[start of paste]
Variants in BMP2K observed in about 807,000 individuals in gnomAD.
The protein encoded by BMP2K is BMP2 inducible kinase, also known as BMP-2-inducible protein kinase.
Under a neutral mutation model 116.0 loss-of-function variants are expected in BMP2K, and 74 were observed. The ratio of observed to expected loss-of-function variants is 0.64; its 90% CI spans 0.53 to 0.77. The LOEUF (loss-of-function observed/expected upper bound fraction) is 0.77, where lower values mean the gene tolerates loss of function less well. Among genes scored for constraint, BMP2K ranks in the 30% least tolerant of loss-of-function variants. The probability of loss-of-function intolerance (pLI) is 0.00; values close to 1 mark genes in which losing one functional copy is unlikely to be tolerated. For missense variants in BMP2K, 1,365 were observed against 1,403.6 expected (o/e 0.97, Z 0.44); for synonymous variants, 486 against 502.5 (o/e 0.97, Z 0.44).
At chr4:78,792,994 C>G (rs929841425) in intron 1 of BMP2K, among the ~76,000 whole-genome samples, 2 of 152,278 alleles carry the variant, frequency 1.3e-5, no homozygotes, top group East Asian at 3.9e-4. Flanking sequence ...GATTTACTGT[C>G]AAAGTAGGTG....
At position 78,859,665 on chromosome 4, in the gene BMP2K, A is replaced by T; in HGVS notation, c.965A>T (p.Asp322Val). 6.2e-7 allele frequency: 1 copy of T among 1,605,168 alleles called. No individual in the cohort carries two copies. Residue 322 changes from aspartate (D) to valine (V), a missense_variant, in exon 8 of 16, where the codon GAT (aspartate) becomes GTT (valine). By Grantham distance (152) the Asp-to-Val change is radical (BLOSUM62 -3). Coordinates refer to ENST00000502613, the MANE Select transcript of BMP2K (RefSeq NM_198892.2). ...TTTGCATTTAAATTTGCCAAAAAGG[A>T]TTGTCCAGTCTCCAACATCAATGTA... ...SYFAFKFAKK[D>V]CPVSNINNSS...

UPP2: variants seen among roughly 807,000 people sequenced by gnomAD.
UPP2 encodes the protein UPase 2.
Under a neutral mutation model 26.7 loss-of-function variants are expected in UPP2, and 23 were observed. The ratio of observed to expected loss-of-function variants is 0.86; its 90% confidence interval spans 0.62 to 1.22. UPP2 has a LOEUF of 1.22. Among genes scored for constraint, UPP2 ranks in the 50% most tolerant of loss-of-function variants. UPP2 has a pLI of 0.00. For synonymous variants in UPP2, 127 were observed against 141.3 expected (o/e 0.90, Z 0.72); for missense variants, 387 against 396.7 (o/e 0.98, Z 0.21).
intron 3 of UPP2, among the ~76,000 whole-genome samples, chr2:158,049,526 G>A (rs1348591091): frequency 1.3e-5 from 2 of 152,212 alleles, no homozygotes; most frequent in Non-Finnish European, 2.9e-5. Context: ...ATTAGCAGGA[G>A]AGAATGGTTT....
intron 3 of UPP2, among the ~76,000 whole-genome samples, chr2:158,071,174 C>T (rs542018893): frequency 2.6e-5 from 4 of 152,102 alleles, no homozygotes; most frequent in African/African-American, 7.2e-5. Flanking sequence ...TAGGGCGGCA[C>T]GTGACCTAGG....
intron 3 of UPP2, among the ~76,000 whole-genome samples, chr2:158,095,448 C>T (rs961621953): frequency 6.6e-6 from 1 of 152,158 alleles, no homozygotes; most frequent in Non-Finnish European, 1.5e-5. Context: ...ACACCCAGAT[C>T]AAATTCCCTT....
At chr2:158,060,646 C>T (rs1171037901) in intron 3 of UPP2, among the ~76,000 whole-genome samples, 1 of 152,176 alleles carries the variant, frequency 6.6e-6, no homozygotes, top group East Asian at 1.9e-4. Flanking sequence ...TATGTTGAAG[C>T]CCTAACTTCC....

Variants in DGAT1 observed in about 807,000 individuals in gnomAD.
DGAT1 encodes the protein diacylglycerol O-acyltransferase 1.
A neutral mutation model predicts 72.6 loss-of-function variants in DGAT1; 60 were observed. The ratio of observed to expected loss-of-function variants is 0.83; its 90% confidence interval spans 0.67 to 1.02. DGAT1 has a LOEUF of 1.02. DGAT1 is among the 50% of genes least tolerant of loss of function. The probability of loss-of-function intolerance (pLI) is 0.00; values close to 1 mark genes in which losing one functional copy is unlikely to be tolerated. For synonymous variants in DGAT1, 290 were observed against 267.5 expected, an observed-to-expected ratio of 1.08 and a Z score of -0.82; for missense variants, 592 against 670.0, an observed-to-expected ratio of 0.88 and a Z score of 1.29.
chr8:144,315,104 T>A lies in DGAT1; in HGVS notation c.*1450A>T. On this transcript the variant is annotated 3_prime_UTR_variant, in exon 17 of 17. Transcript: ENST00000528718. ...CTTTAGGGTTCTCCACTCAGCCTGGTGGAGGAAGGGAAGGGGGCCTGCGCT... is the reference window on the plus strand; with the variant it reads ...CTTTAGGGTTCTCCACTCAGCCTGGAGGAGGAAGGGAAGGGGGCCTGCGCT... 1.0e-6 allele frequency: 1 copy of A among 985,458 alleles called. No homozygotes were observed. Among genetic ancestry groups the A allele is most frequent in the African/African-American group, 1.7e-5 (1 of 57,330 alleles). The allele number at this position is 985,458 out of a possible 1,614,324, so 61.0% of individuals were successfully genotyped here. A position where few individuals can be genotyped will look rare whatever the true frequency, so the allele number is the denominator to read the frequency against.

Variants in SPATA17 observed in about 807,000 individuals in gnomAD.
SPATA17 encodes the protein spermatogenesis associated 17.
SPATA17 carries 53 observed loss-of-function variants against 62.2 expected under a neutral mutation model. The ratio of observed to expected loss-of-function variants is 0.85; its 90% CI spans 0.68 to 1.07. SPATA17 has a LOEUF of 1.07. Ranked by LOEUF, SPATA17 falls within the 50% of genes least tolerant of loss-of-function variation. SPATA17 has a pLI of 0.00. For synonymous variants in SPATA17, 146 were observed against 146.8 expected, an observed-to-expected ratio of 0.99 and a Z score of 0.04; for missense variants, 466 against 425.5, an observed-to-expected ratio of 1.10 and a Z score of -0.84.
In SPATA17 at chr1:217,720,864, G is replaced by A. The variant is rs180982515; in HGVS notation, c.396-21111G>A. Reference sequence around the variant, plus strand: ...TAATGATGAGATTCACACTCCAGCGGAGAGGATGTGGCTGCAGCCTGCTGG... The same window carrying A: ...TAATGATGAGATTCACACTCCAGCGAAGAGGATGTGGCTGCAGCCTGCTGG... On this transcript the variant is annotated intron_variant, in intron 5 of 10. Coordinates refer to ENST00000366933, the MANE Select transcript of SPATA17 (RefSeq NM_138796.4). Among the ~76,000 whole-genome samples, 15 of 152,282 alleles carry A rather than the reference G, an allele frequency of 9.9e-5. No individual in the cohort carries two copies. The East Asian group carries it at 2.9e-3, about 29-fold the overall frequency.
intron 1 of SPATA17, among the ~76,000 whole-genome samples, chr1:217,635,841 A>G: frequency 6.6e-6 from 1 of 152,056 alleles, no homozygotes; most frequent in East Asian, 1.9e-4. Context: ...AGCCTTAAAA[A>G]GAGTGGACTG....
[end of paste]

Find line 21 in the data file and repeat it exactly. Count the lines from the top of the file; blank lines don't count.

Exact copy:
intron 1 of SPATA17, among the ~76,000 whole-genome samples, chr1:217,635,841 A>G: frequency 6.6e-6 from 1 of 152,056 alleles, no homozygotes; most frequent in East Asian, 1.9e-4. Context: ...AGCCTTAAAA[A>G]GAGTGGACTG....